Morgan moves on to quoting the infamous #22, used by Moyers above, saying, “Brian Williams didn’t kill anyone.” Oh, is that the high standard we should hold journalists to now? They are unassailable unless they killed someone? Actually, a murderous by scrupulously objective and honest anchor man would be more trustworthy and better qualified than Williams…or Morgan, for that matter.
Then Morgan’s absolutely ethics free argument—this guy lectured us from his perch at CNN, remember—ends with this:
“Brian Williams, I’m sure, will never embellish a story again, nor I suspect put himself in the middle of it. He will, if he is allowed, be a better reporter and anchor as a result of what he is now going through.”
“Why is it that the loudest voices condemning Brian Williams never served in combat, were never combat reporters? “I think that all these people with Twitter accounts who are attacking this person from the safety of their mother’s basement should shut up and let the soldiers and the GIs deal with this.”
It may be true, as Josh Marshall wrote, if you are defended by Geraldo, you’re doomed, but Geraldo could at least devise a defense that doesn’t consist of an ad hominem fallacy—where the critics do their typing does not mean what they are typing isn’t true—and another variation on the Biblical rationalizations, claiming that a critic has to have standing to object to a clear ethics violation. I now realize I need to add this to the list: let’s call it “The Stranger’s Shoes” or “Let’s see you try to be ethical!” I guess only a national network anchorman who was imbedded in combat can object to being lied to by a national network anchorman who was imbedded in combat, right, Geraldo?
MSNBC’s star of “Morning Joe” may be the worst of all. He used the Biblical Rationalizations to threaten any Williams critics in the media or in public life. From Newsbusters:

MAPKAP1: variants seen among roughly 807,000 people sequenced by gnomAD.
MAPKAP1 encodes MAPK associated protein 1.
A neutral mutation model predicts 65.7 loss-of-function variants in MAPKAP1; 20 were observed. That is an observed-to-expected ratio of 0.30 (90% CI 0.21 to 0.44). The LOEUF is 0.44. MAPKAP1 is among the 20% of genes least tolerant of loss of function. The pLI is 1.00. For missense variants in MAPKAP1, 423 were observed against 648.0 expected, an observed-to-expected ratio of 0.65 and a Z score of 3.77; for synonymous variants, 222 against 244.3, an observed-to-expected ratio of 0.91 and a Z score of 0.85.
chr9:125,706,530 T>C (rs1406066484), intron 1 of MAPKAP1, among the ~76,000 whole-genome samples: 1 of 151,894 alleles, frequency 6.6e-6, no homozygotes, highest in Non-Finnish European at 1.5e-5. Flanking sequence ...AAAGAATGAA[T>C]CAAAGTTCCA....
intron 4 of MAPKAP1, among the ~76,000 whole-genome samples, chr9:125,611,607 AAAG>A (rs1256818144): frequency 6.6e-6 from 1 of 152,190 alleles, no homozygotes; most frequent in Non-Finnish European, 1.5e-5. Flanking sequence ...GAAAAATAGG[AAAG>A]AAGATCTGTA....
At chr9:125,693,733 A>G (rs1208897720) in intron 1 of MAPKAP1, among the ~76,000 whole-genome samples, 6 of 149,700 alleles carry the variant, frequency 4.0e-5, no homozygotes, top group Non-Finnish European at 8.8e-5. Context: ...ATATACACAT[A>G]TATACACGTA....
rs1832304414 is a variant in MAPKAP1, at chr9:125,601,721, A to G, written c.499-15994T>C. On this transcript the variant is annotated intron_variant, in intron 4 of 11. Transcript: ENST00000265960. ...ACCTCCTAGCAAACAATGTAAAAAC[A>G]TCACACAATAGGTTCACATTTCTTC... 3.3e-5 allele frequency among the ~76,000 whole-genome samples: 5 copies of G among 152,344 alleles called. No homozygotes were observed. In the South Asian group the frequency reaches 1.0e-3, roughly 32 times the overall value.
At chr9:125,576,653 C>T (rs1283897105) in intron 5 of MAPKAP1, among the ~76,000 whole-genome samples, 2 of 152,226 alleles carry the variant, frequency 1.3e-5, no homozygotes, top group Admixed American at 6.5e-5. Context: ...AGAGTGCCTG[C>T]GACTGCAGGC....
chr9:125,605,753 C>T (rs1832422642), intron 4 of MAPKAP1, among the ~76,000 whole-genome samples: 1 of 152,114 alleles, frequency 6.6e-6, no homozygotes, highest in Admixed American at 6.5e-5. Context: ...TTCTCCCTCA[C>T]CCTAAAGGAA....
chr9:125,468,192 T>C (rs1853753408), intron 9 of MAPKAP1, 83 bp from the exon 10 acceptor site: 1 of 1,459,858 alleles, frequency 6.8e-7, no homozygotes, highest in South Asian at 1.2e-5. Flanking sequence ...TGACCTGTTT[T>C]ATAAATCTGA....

JOE SCARBOROUGH: You know, one of the things — one of the verses in the Bible that always — always makes me a little nervous before I start judging other people is the one that says that you will be judged and you will be given the mercy that you show others. I think we should all step back and ask whether we are so perfect that we want to be the ones to cast that first stone. Let ye who is without sin cast the first stone. I’m in no position to cast the first stone. And quite frankly, in over a decade in this news business, it is fair to say, looking straight in the camera [he looks right into the camera], I’ve seen a lot, I know a lot, and I know that there are very few people in this industry or in politics that could live by the standard of perfection. Cast the first stone? I would be careful.
Could this be worse? Essentially, Joe, who is both a politician and a member of the media, and an NBC employee, is 1) saying that virtually everyone in the news media is as big a liar and as untrustworthy as Williams, 2) admitting that he knows who is lying, but won’t let the public they are lying to know, and 3) threatening anyone who dares to criticize Williams that he, Scarborough, might expose them in retaliation.